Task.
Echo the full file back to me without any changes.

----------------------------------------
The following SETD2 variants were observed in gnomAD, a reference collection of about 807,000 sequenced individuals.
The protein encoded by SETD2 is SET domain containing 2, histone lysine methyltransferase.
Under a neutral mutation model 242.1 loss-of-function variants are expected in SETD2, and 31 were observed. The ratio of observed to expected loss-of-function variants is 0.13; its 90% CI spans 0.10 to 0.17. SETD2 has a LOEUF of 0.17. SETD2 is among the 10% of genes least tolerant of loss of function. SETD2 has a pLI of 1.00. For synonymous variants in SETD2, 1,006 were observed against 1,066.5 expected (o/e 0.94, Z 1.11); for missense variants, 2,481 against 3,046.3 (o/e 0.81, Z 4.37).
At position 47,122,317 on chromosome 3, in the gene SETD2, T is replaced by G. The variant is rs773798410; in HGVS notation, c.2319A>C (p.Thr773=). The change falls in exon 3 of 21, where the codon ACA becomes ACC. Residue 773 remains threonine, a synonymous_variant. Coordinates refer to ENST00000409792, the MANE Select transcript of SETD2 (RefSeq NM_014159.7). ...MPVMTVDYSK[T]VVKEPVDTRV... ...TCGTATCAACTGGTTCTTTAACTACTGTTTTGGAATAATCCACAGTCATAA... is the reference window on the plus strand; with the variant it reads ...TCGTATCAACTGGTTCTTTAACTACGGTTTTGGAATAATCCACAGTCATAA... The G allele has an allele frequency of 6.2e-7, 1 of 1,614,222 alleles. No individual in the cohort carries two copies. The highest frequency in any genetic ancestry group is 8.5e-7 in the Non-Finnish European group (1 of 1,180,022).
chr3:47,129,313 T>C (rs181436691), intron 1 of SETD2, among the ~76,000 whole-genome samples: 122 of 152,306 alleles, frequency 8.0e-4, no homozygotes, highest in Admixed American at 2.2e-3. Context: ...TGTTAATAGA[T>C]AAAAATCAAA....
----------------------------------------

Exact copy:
The following SETD2 variants were observed in gnomAD, a reference collection of about 807,000 sequenced individuals.
The protein encoded by SETD2 is SET domain containing 2, histone lysine methyltransferase.
Under a neutral mutation model 242.1 loss-of-function variants are expected in SETD2, and 31 were observed. The ratio of observed to expected loss-of-function variants is 0.13; its 90% CI spans 0.10 to 0.17. SETD2 has a LOEUF of 0.17. SETD2 is among the 10% of genes least tolerant of loss of function. SETD2 has a pLI of 1.00. For synonymous variants in SETD2, 1,006 were observed against 1,066.5 expected (o/e 0.94, Z 1.11); for missense variants, 2,481 against 3,046.3 (o/e 0.81, Z 4.37).
At position 47,122,317 on chromosome 3, in the gene SETD2, T is replaced by G. The variant is rs773798410; in HGVS notation, c.2319A>C (p.Thr773=). The change falls in exon 3 of 21, where the codon ACA becomes ACC. Residue 773 remains threonine, a synonymous_variant. Coordinates refer to ENST00000409792, the MANE Select transcript of SETD2 (RefSeq NM_014159.7). ...MPVMTVDYSK[T]VVKEPVDTRV... ...TCGTATCAACTGGTTCTTTAACTACTGTTTTGGAATAATCCACAGTCATAA... is the reference window on the plus strand; with the variant it reads ...TCGTATCAACTGGTTCTTTAACTACGGTTTTGGAATAATCCACAGTCATAA... The G allele has an allele frequency of 6.2e-7, 1 of 1,614,222 alleles. No individual in the cohort carries two copies. The highest frequency in any genetic ancestry group is 8.5e-7 in the Non-Finnish European group (1 of 1,180,022).
chr3:47,129,313 T>C (rs181436691), intron 1 of SETD2, among the ~76,000 whole-genome samples: 122 of 152,306 alleles, frequency 8.0e-4, no homozygotes, highest in Admixed American at 2.2e-3. Context: ...TGTTAATAGA[T>C]AAAAATCAAA....